Zillow to exit its home buying business, cut 25% of staff
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Zillow to exit its home buying business, cut 25% of staff

Zillow is getting out of the iBuying business and will shut down its Zillow Offers division, resulting in a 25% reduction in its staff.

In its quarterly earnings report on Tuesday, the company said it will see a total write-down of more than $540 million as a result of its exit from the business, which buys homes and resells them.

As a result of shutting down Zillow Offers, the company said it will be cutting some 2,000 jobs.

Last month, the company said it was halting new purchases of homes because supply chain disruptions and the labor shortage were causing it to get backlogged on the homes it was renovating and preparing for sale. However, the company said on Tuesday that the $304 million inventory write down it recorded in the third quarter from its Homes segment, which includes Zillow Offers, was because it bought homes during the last quarter for prices higher than it believes it can sell them.

“We’ve determined the unpredictability in forecasting home prices far exceeds what we anticipated and continuing to scale Zillow Offers would result in too much earnings and balance-sheet volatility,” said Rich Barton, Zillow’s co-founder and CEO.

Since Zillow Offers launched in 2018, real estate markets have experienced major upheaval, including a pandemic, a temporary freezing of the housing market, followed by a supply and demand imbalance that led to an unprecedented rise in home prices.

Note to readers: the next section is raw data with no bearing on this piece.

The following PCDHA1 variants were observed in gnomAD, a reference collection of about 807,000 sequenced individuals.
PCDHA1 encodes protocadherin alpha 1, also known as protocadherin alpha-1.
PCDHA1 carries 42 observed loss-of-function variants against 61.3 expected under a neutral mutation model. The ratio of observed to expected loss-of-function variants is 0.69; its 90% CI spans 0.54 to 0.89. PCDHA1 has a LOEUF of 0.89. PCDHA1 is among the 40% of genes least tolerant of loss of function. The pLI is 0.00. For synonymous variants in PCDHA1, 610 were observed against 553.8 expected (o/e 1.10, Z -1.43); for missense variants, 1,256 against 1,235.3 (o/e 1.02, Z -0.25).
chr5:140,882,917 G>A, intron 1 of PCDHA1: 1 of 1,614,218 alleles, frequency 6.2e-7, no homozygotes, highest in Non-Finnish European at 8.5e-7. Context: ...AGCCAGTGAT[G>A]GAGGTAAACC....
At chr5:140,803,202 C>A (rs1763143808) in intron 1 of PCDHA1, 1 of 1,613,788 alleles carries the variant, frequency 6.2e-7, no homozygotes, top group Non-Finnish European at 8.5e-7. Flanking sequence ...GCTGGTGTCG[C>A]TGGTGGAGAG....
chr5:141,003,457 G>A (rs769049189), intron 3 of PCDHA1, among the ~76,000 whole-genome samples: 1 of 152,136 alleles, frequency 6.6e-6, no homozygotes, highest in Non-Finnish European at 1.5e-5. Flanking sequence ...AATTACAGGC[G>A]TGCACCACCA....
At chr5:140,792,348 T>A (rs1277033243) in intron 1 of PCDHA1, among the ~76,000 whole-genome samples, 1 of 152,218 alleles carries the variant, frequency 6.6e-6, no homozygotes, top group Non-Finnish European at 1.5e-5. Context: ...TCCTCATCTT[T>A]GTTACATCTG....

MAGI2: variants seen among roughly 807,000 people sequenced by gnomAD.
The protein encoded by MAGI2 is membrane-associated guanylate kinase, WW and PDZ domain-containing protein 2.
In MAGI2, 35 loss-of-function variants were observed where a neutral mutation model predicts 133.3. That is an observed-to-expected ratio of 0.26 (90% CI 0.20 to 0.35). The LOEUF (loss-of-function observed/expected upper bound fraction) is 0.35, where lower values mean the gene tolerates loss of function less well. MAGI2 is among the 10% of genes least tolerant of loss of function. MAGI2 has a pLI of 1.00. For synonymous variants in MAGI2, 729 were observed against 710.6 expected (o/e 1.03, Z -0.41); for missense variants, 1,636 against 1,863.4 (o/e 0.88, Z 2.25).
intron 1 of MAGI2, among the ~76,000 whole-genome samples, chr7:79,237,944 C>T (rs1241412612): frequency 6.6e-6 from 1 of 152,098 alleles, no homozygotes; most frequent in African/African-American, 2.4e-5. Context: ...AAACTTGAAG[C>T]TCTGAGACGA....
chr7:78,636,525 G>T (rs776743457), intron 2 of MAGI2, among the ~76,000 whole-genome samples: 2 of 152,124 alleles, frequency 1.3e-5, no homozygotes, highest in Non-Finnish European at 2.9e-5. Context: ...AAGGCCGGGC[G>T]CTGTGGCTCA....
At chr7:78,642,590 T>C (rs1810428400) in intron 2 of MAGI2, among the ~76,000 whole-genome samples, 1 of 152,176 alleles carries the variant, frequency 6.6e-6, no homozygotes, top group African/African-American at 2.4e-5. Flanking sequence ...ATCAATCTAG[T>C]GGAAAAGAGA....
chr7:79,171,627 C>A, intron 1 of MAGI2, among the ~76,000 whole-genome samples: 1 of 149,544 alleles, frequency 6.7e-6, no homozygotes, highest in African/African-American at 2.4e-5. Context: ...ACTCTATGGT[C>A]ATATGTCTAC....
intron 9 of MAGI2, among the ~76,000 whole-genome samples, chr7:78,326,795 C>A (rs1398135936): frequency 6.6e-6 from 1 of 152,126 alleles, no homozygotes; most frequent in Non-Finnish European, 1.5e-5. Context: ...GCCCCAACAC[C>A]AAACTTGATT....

While the big price swings up were welcome, the swings down would expose Zillow to too much risk, Barton and Allen Parker, the chief financial officer, wrote in the company’s shareholder letter. “Our aim was to become a market maker, not a market risk taker.”

Zillow Offers gave homeowners a fair market cash offer on their home. The idea was to grow that service and offer it to a wider audience. But because of the price forecasting volatility, the company had to reconsider what the business would look like when it had grown larger, a size it needed to become in order to be consistently profitable, Barton and Parker wrote.

“We have determined this large scale would require too much equity capital, create too much volatility in our earnings and balance sheet, and ultimately result in far lower return on equity than we imagined,” they wrote.

The competition in the market amid other iBuyers meant that most proposals Zillow Offers made to homeowners were not taken. Only 10% of offers made were taken. Plus, the services were available only in a handful of cities.

“While we built and learned a tremendous amount operating Zillow Offers, it served only a small portion of our customers,” Barton said. “Our core business and brand are strong, and we remain committed to creating an integrated and digital real estate transaction that solves the pain points of buyers and sellers while serving a wider audience.”

Zillow ended the quarter with 9,790 homes in inventory and 8,172 homes under contract that it will still purchase, which it will sell over the next six months or so. During that time, the workforce reductions will take place.

“The most difficult part of this decision is that it will impact many of our colleagues,” Barton said.

Zillow is not the largest iBuyer in the country, but it is a distant second to Opendoor. Zillow Offers launched in 2018 in Phoenix and Las Vegas and most recently operated in 25 cities across the country.

The company had been on a buying binge.

Zillow bought 3,805 homes in the second quarter and sold 2,086. This past quarter, Zillow Offers bought 9,680 homes. That pushed the business of closing on homes and preparing them for sale to a breaking point, however. As a result, Zillow only sold 3,032 homes in the third quarter, which was below expectations and the average gross profit per home sold was a loss of $80,771.

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